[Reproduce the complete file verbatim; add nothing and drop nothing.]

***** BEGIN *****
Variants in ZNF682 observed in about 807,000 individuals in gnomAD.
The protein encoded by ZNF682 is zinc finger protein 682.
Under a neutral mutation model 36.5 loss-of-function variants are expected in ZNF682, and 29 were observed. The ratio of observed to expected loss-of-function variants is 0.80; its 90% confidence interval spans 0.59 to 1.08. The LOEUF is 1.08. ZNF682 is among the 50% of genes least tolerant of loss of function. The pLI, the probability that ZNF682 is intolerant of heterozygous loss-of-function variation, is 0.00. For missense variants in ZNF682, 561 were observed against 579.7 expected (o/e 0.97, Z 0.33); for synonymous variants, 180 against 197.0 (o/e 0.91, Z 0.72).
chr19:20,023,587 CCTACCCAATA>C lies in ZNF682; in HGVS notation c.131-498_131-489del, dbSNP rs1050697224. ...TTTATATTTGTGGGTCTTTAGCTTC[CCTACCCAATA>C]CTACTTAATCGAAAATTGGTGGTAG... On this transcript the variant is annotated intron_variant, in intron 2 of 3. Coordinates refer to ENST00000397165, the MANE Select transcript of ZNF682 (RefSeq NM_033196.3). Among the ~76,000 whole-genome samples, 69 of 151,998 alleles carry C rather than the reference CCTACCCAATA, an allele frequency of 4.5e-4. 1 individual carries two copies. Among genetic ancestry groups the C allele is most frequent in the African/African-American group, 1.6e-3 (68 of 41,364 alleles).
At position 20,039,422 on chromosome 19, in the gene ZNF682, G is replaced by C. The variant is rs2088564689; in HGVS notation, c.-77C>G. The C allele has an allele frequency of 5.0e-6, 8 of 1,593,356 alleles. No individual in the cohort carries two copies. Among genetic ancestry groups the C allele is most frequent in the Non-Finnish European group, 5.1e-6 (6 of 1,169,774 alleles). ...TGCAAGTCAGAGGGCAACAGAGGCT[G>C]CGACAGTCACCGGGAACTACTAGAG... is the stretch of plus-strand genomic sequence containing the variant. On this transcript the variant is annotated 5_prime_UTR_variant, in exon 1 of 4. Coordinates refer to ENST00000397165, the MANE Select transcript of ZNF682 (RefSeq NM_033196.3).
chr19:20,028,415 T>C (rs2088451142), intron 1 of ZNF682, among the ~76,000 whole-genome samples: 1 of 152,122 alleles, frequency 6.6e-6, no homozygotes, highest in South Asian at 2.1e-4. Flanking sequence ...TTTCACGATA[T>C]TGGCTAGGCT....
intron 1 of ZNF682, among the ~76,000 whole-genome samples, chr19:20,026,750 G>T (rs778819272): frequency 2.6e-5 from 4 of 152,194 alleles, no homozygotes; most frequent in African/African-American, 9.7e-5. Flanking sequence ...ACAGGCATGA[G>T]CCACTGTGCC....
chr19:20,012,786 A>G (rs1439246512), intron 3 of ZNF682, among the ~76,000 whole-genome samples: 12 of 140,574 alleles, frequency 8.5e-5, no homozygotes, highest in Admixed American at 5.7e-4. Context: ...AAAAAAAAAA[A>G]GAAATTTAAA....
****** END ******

Variants in ZNF682 observed in about 807,000 individuals in gnomAD.
The protein encoded by ZNF682 is zinc finger protein 682.
Under a neutral mutation model 36.5 loss-of-function variants are expected in ZNF682, and 29 were observed. The ratio of observed to expected loss-of-function variants is 0.80; its 90% confidence interval spans 0.59 to 1.08. The LOEUF is 1.08. ZNF682 is among the 50% of genes least tolerant of loss of function. The pLI, the probability that ZNF682 is intolerant of heterozygous loss-of-function variation, is 0.00. For missense variants in ZNF682, 561 were observed against 579.7 expected (o/e 0.97, Z 0.33); for synonymous variants, 180 against 197.0 (o/e 0.91, Z 0.72).
chr19:20,023,587 CCTACCCAATA>C lies in ZNF682; in HGVS notation c.131-498_131-489del, dbSNP rs1050697224. ...TTTATATTTGTGGGTCTTTAGCTTC[CCTACCCAATA>C]CTACTTAATCGAAAATTGGTGGTAG... On this transcript the variant is annotated intron_variant, in intron 2 of 3. Coordinates refer to ENST00000397165, the MANE Select transcript of ZNF682 (RefSeq NM_033196.3). Among the ~76,000 whole-genome samples, 69 of 151,998 alleles carry C rather than the reference CCTACCCAATA, an allele frequency of 4.5e-4. 1 individual carries two copies. Among genetic ancestry groups the C allele is most frequent in the African/African-American group, 1.6e-3 (68 of 41,364 alleles).
At position 20,039,422 on chromosome 19, in the gene ZNF682, G is replaced by C. The variant is rs2088564689; in HGVS notation, c.-77C>G. The C allele has an allele frequency of 5.0e-6, 8 of 1,593,356 alleles. No individual in the cohort carries two copies. Among genetic ancestry groups the C allele is most frequent in the Non-Finnish European group, 5.1e-6 (6 of 1,169,774 alleles). ...TGCAAGTCAGAGGGCAACAGAGGCT[G>C]CGACAGTCACCGGGAACTACTAGAG... is the stretch of plus-strand genomic sequence containing the variant. On this transcript the variant is annotated 5_prime_UTR_variant, in exon 1 of 4. Coordinates refer to ENST00000397165, the MANE Select transcript of ZNF682 (RefSeq NM_033196.3).
chr19:20,028,415 T>C (rs2088451142), intron 1 of ZNF682, among the ~76,000 whole-genome samples: 1 of 152,122 alleles, frequency 6.6e-6, no homozygotes, highest in South Asian at 2.1e-4. Flanking sequence ...TTTCACGATA[T>C]TGGCTAGGCT....
intron 1 of ZNF682, among the ~76,000 whole-genome samples, chr19:20,026,750 G>T (rs778819272): frequency 2.6e-5 from 4 of 152,194 alleles, no homozygotes; most frequent in African/African-American, 9.7e-5. Flanking sequence ...ACAGGCATGA[G>T]CCACTGTGCC....
chr19:20,012,786 A>G (rs1439246512), intron 3 of ZNF682, among the ~76,000 whole-genome samples: 12 of 140,574 alleles, frequency 8.5e-5, no homozygotes, highest in Admixed American at 5.7e-4. Context: ...AAAAAAAAAA[A>G]GAAATTTAAA....